A-TRAC is the king of helping you get out of things, but I would gladly swap A-TRAC out for a fully locked 4Runner any day of the week. When climbing a waterfall (rocky steep section of trail) I ran into an issue where A-TRAC had the vehicle basically sitting in place bouncing around. When I engaged the rear locker, it was night and day difference. The 4Runner climbed up and over without issue.
There are other instances where the locker will come in handy, such as deep snow, mud, or areas where you will need both wheels spinning at the exact same rate to ensure traction isn’t locked (usually on very steep, loose, rocky, or rutty trails).
Of course, you don’t need to buy an Off-Road (Trail) or TRD Pro for this feature, there are aftermarket kits available to add them to a base SR5, but having one ready to go from the dealer is definitely nice.
Adding a rear locker (Commonly added is the ARB) can run you anywhere from $1500+. And, while you are at it, you might as well lock the front differential, grab some 34″ tires and regear to 4.88. That will cost you another $3500+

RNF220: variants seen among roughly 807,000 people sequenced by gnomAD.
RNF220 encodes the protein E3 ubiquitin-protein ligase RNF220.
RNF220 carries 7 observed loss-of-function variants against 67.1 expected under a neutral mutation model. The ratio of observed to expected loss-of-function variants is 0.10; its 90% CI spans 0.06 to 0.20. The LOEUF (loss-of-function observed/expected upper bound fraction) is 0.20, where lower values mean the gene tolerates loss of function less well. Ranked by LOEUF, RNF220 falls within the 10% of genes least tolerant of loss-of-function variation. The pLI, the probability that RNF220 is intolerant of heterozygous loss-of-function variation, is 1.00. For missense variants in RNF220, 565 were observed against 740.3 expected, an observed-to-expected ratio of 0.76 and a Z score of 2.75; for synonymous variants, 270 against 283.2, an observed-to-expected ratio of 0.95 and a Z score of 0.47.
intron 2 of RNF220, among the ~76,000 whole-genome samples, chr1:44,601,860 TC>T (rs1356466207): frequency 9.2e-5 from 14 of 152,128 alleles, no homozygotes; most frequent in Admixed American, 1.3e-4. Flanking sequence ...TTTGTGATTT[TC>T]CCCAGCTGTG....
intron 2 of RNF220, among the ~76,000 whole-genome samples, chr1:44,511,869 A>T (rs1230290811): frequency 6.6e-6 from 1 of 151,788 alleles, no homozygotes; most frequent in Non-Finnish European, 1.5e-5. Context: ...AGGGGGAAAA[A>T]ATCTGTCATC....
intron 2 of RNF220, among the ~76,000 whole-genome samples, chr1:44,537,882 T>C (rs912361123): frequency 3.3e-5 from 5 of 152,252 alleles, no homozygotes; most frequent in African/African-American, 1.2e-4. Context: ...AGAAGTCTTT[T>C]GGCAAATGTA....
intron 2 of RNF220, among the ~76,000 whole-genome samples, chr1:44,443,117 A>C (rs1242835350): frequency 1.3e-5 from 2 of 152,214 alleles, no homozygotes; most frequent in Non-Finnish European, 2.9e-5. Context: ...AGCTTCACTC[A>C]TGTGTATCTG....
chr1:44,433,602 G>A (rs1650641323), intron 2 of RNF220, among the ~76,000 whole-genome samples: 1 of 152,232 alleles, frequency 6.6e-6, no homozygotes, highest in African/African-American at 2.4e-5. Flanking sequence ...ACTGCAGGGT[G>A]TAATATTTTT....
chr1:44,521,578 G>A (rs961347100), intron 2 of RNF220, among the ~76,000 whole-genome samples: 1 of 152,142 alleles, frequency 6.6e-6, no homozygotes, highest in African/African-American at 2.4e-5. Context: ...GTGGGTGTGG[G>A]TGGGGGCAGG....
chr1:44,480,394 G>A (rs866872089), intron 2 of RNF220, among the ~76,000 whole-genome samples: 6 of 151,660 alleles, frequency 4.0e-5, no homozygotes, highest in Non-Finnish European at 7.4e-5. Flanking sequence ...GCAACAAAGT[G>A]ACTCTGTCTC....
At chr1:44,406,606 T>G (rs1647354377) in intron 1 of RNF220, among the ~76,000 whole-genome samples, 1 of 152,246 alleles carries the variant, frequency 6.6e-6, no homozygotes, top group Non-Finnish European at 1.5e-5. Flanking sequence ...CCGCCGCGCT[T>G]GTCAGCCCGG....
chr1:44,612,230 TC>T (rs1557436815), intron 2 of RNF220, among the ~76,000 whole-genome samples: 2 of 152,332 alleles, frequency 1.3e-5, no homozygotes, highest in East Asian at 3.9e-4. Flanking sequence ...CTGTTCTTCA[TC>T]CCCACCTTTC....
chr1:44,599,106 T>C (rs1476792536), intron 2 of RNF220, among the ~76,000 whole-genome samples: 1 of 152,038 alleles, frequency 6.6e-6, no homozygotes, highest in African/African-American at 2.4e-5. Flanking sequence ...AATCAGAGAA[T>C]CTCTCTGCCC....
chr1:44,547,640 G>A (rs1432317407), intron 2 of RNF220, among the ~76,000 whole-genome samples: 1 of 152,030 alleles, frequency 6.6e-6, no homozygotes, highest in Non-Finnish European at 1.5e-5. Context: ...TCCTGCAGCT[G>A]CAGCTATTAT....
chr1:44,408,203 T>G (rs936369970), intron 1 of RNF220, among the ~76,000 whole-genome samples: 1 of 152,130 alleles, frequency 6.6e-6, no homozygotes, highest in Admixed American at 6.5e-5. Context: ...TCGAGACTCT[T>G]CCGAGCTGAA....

One positive side for purchasing a pro is the value they hold. White 4Runners and Toyota’s, in general, hold their value extremely well, the TRD Pro continues to go for prices that they were when brand new, even the ones that are nearly four years old now.
While I love my Barcelona Red TRD Pro, I was looking at the 2016 Quicksand colored one first.
At the time you could only buy them used as the 2017’s were being produced. I found one, with 6,000 miles, going for $63,000. They cost $43,000 MSRP. Of course, you will likely never find a Pro for MSRP unless you work the for the dealer and are buying it for yourself, or are buying one of the basic colors and were able to really work the dealer.
You may pay more for a Pro when you buy it but when you sell it, you’ll likely get the majority of that money back, even if it is four years old.
While this may not matter to some people, there are some options that you cannot get on the TRD Pro as you can on other models. For instance, the indicating mirrors on the Off-Road (Trail) models are not an option on the TRD Pro.
Meaning when you turn your turn signal on, the mirror will not flash along with your blinkers.
Though this has changed for 2019, previous models, except in Canada, did not have the option to install a sunroof, thus meaning you would have to resort to paying the dealer to add a custom one for you.
One thing people love with the Toyota 4Runner is the KDSS suspension option, noted in this article. This allows for a much smoother ride on the road and better stability. To some it’s not a big deal, to others it’s like driving on a freshly paved road or pothole filled ones.